The divergence risk between U.S. and CARB standards was eased in 2009, when the federal government sought to harmonize compliance requirements in the One National Program by establishing new greenhouse gas emissions and fuel economy requirements for light-duty vehicles and later granting California a waiver to enforce its Advanced Clean Cars Program, which includes zero-emission obligations that push the industry closer and closer to complete electrification.
California's ZEV mandate requires that a certain percentage of cars and light-duty trucks do not produce carbon dioxide tailpipe emissions. Several states, including New York, rely on the California waiver and have adopted California's clean car standards. This ZEV program allows automakers to sell credits for overcompliance, which has been crucial to the profitability of Tesla and other companies.
The federal government changed course under the Trump administration. Last Sept. 27, it revoked California's ZEV waiver and, on April 30, revised federal greenhouse gas and fuel economy requirements based on its determination that the existing requirements were not appropriate or achievable. The new rules require annual improvements in greenhouse gas and fuel economy performance by only 1.5 percent each year, as compared with 5 percent under the prior rule. The federal government justified these actions by stating:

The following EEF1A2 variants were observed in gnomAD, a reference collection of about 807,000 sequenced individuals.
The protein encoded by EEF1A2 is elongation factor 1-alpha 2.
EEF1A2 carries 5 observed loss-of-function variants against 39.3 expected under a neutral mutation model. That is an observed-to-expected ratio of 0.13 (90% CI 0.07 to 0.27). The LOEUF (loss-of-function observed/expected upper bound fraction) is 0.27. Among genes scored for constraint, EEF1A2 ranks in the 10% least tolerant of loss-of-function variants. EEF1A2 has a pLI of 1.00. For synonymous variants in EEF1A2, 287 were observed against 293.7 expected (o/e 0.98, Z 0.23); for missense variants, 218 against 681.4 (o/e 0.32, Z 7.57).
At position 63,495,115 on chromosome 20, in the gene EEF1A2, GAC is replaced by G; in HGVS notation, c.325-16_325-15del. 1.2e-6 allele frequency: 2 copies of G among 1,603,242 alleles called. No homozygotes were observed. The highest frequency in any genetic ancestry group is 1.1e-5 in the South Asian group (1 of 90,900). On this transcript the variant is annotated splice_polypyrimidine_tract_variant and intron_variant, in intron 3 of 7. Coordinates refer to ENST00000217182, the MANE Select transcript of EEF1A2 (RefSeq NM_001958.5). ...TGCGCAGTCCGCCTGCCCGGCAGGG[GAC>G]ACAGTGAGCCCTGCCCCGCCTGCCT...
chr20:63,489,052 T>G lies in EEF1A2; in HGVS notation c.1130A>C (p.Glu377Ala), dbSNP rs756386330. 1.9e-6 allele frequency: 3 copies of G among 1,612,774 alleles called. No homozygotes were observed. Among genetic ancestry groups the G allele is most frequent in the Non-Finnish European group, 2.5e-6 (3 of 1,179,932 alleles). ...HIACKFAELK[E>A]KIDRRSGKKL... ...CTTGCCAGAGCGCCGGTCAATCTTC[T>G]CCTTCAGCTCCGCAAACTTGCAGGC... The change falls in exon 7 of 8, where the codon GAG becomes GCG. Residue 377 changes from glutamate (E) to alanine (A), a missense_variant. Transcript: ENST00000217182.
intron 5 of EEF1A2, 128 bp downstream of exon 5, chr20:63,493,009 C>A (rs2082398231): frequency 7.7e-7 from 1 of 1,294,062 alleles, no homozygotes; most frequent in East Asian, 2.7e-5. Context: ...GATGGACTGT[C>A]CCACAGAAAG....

1. Under existing law, only the federal government has the authority to set rules for fuel economy and, by extension, greenhouse gas emissions.
2. California does not need to create its own state-specific rules to tackle climate change.
3. The prior federal standards were unnecessary and unachievable.
It is not surprising, then, that these actions were met with mixed reactions, even within the industry. Some applauded the federal government's efforts to streamline rules nationwide and reduce the cost of compliance; others disagreed, arguing that they were already on track to meet the prior rules and were willing to comply with California's standards.
The legal fight is taking place in the U.S. Court of Appeals for the District of Columbia Circuit. There, California — along with environmental groups, select industry coalitions and other Democratic states — argues that the federal government lacks the legal authority to withdraw the previously granted waiver. However, the court's ruling likely will not come until at least early 2021. And even then, the losing party will likely request that the Supreme Court review the case. What's more, if Biden wins, the federal government would likely try to put all the legal challenges on hold until the new administration can attempt to rescind the revocation of California's authority, a potentially lengthy process.